The greatest damage that’s done with outdated “don’t pet the dog” advice doesn’t relate to storms, but to the pitfalls of trying to explain classical counter-conditioning (CCC). CCC can be a profoundly effective way to change behavior, because it changes the emotions that drive the behavior in the first place. A typical example in applied animal behavior is having visitors throw treats to a dog who is afraid of strangers.

Understandably, many humans have asked, “But isn’t giving treats when they’re barking and growling just going to make it worse? Won’t they get reinforced for barking and growling?” The answer is no — not if their behavior is driven by fear. Remember, fear is no fun, and a few pieces of food, no matter how yummy, aren’t going to override the brain’s desire to avoid it.

Tossing treats (or toys) to a fearful dog can teach them to associate approaching strangers with something good, as long as the treat is really, really good, and the visitor is far enough away to avoid overwhelming the dog. CCC is one of the most important tools in a trainer or behaviorist’s toolbox, yet it can be hard to convince people to try it. It feels like rewarding a dog for misbehaving, and in our punishment-oriented, “you’ve got to get dominance over your dog” society, it is tough for some people to do.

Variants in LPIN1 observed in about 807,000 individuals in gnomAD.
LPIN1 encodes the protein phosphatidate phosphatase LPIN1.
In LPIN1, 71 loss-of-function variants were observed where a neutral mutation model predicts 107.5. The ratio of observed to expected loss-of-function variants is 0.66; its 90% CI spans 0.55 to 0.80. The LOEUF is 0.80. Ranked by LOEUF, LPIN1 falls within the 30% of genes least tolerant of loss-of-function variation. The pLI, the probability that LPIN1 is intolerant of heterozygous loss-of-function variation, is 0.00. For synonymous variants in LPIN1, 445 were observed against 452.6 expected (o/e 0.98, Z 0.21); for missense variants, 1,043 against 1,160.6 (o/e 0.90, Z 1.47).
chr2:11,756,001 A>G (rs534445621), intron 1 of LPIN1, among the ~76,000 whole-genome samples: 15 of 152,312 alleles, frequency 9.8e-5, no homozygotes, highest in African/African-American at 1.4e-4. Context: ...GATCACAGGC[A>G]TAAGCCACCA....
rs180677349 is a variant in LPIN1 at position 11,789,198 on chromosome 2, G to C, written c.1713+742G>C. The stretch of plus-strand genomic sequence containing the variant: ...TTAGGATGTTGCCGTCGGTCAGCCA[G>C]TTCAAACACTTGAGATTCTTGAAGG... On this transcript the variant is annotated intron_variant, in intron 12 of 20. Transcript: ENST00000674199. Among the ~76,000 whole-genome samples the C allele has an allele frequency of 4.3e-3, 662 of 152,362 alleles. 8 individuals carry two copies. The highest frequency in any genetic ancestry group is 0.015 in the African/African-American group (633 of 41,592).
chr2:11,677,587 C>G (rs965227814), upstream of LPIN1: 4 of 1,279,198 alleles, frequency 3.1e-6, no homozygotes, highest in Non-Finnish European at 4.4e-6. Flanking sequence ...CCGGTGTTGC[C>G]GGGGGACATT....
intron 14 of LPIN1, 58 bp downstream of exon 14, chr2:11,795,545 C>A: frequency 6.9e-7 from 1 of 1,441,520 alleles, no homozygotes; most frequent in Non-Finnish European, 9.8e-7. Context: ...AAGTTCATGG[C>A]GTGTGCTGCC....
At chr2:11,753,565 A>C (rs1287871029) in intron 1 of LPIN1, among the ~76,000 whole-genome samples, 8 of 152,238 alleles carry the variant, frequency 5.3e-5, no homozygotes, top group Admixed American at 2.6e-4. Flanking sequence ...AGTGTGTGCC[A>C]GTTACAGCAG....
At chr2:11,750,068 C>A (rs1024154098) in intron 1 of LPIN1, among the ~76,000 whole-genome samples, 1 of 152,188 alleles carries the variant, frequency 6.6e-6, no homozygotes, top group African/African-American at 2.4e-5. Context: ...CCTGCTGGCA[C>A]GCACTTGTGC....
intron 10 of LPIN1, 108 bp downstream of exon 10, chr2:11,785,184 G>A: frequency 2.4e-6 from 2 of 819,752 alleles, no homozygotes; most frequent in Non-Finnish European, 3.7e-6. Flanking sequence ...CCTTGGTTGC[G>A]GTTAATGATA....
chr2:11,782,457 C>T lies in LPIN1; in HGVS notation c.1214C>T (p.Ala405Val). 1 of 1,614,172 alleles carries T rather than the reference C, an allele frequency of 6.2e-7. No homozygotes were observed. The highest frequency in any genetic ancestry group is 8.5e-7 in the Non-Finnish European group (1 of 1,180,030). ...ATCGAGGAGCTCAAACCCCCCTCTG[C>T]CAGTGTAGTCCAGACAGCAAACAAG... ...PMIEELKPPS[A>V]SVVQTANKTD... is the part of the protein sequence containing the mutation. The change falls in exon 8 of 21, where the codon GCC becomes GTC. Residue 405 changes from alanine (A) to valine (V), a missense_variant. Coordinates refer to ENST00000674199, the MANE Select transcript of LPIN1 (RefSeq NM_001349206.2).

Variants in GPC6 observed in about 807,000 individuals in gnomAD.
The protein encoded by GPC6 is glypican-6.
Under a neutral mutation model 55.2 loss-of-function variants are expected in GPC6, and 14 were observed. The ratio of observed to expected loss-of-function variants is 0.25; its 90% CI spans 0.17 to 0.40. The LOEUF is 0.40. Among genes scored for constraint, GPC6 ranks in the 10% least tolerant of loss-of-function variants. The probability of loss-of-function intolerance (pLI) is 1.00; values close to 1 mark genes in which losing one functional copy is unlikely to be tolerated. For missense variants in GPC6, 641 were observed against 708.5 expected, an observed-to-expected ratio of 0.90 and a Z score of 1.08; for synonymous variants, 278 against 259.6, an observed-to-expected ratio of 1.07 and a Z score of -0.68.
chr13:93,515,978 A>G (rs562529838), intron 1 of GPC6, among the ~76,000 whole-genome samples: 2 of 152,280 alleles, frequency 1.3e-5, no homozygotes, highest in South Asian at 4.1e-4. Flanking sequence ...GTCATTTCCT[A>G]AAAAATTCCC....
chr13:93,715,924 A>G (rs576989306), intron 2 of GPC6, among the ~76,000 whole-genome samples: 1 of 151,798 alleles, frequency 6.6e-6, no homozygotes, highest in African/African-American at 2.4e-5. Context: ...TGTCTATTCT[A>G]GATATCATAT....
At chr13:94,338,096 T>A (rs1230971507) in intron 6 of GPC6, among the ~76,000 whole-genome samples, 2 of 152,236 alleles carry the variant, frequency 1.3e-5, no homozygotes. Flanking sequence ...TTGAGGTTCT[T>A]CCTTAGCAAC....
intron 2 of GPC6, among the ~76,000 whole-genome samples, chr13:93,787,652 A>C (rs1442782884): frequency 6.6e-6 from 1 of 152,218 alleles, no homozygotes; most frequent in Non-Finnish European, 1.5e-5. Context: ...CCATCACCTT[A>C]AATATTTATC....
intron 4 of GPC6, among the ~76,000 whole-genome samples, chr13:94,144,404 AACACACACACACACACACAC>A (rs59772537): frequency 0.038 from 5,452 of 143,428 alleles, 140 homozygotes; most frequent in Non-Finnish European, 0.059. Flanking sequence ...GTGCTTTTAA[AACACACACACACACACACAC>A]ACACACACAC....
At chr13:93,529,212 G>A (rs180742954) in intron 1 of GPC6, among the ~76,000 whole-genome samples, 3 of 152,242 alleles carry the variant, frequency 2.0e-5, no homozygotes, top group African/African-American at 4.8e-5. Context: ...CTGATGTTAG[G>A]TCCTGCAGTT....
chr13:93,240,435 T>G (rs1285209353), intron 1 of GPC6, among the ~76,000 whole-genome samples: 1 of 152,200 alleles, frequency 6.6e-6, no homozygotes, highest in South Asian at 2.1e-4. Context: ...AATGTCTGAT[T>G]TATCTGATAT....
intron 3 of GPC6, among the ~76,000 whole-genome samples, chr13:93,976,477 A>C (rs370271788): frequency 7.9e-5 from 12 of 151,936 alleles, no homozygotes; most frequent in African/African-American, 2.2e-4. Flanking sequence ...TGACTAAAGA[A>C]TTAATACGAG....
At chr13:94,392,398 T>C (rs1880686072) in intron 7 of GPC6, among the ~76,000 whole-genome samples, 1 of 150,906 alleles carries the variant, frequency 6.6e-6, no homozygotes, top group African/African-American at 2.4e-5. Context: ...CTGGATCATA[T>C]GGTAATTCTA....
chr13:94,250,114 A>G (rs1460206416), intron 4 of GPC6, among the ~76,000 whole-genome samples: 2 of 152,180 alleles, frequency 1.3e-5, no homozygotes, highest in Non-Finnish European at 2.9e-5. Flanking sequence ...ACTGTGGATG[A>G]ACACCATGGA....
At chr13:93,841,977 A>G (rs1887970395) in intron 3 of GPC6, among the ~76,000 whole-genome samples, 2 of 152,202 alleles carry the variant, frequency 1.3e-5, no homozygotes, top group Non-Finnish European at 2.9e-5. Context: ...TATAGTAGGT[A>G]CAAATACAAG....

CCC is one of many ways you can help a thunder-phobic dog. I’ve used some of the following with good success, either on their own or combined with other methods: pheromone therapy, wraps, acupuncture, acupressure, diet change, and, in serious cases, medication. If your dog is afraid of storms, you’d do well to consult a behaviorist or veterinary behaviorist for assistance in choosing the method that is right for you and your pup.

Fear Is Contagious

I’d be remiss if I didn’t mention the one way you can make a fearful dog worse, and that’s by becoming scared yourself. The emotion of fear is so compelling that it is easy to spread around. “Emotional contagion” is the term used to describe the viral spread of fear within a group, and it’s a common occurrence among social species. If you want your dog to be afraid of thunder, strangers or other dogs, just get scared yourself. If you’re afraid of storms, it is entirely possible that your dog will pick up on it and become more nervous.

However, if you are freaked out (and who isn’t sometimes?), all is not lost. You can calm things down by concentrating on your body — slowing down your breathing and your movements, changing your posture to one of confidence and relaxation, and speaking slowly and calmly (if at all). These actions have the beneficial effect of altering your own emotions as well as your dog’s. The calmer you pretend to be, the calmer you’ll actually feel.

*Nancy Dreschel, DVM, & Douglas Granger, PhD. 2005. “Physiological and behavioral reactivity to stress in thunderstorm-phobic dogs and their caregivers,” Applied Animal Behaviour Science 95:153–168.
**J.S.J. Odendaal & R.A. Meintjes. 2003. “Neurophysiological correlates of affiliative behaviour between humans and dogs.” The Veterinary Journal 165:296-301.

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Patricia McConnell, PhD

Patricia McConnell, PhD, is an animal behaviorist and ethologist and an adjunct associate professor in zoology at the University of Wisconsin, Madison, as well as the author of numerous books on behavior and training.